Should Juvenile Sex Ofenders Go On Public Lists At 17?


Two Kane County, Il., teens fighting a new state law that would reveal their status as sex offenders are putting their futures in the hands of police and legislators, says the Daily Herald in suburban Chicago. The boys had asked a judge to either find the law unconstitutional or order an injunction against requiring them to register on public adult sex offender registries after they turn 17. So far, no 17-year-old who was previously on the private juvenile sex offender registry has been listed on the public adult registry.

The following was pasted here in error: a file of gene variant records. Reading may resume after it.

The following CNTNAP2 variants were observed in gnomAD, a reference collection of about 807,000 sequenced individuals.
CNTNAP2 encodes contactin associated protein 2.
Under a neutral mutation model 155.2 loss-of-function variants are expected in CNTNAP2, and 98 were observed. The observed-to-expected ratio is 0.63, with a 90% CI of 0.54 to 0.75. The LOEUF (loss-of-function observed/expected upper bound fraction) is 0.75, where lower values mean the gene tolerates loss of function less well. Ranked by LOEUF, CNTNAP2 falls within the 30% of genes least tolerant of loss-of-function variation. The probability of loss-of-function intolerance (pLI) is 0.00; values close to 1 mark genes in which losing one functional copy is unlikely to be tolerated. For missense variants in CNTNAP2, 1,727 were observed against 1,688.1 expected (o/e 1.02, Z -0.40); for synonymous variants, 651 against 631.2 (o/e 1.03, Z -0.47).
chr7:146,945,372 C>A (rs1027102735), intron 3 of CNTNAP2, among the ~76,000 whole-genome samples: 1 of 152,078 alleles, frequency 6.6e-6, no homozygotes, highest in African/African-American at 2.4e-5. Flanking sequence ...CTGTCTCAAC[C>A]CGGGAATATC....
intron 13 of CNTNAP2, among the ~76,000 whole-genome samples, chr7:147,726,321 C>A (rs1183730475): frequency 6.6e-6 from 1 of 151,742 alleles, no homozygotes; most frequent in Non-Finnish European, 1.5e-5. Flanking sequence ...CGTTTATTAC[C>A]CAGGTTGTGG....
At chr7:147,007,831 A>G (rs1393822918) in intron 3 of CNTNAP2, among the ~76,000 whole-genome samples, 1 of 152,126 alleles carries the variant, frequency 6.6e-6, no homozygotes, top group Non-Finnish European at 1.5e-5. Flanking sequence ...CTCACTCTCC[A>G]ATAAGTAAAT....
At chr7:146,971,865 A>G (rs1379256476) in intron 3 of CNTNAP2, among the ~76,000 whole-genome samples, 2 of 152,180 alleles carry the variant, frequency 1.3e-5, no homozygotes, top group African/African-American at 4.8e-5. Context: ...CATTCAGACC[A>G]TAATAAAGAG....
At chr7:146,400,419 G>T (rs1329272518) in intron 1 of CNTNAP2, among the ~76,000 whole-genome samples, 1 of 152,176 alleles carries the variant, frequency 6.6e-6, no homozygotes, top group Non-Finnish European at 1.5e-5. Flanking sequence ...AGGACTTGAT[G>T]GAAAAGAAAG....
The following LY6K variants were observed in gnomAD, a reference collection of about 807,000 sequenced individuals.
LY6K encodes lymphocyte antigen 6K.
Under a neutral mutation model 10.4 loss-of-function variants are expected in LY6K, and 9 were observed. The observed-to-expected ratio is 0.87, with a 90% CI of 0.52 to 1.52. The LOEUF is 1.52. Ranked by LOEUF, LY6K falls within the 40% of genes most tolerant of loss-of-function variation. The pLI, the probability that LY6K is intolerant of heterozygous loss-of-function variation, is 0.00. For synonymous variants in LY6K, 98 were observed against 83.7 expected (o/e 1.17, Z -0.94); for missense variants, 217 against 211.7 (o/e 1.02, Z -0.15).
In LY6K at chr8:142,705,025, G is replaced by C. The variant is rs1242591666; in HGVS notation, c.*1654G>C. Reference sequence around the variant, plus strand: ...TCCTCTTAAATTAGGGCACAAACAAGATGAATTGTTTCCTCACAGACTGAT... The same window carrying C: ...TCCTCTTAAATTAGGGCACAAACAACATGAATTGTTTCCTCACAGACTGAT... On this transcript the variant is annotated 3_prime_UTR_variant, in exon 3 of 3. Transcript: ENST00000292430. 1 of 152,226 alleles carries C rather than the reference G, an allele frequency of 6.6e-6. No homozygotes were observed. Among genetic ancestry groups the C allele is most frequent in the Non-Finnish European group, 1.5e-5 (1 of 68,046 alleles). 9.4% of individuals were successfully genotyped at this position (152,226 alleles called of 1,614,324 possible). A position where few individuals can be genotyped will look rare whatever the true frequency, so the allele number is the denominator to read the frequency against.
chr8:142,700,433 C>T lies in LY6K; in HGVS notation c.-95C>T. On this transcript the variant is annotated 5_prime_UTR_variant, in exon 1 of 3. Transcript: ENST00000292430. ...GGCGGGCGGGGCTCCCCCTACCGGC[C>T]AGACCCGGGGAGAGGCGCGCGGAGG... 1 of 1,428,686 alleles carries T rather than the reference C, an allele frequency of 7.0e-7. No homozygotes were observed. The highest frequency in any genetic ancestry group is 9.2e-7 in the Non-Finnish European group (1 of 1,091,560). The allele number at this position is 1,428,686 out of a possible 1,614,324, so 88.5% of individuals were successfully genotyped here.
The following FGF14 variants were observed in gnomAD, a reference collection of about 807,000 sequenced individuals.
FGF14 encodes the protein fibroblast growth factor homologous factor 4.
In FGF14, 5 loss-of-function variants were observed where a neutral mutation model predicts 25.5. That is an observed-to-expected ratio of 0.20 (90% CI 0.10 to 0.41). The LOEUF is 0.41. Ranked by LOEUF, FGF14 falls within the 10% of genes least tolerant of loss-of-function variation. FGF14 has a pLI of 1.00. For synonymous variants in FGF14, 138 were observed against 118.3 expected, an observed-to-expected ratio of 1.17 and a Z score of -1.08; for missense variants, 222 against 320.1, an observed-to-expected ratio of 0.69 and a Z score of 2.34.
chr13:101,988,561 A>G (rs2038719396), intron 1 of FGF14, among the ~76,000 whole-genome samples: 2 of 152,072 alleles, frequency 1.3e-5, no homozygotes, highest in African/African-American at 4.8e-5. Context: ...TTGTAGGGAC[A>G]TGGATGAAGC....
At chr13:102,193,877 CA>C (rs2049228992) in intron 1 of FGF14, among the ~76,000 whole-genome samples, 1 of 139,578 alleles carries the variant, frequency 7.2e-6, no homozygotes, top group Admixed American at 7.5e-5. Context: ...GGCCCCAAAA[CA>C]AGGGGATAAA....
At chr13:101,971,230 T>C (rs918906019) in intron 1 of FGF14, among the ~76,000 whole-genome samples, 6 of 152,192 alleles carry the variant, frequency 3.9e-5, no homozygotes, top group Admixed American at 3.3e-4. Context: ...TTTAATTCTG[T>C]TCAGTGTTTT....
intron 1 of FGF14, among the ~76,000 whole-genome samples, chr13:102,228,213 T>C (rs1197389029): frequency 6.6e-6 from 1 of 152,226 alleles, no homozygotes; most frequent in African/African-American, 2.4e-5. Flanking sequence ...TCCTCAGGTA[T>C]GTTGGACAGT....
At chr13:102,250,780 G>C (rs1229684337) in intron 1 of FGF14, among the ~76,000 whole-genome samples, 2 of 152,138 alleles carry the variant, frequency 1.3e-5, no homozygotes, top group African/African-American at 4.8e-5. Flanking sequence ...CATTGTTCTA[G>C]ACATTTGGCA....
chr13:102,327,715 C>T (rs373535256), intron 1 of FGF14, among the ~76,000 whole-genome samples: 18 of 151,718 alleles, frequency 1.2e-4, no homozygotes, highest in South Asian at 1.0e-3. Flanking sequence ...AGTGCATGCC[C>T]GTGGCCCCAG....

D.J. Tegeler, the Geneva attorney for one of teens fighting public registration, hopes the state legislature will approve a proposal to give officials discretion on whether to list a 17 year old on the public sex offender registry. Advocates for ex abuse victims have concerns about a registry based on discretionary decisions. “We don't allow any judicial discretion for adults,” said Lyn Schollett of the Illinois Coalition Against Sexual Assault. “And my concern would be would the courts adequately weigh the impact on the victim.” Allowing discretion would force a judge to decide the significance of the offenders' actions years after the crime occurred when it was time for the offender to turn 17.


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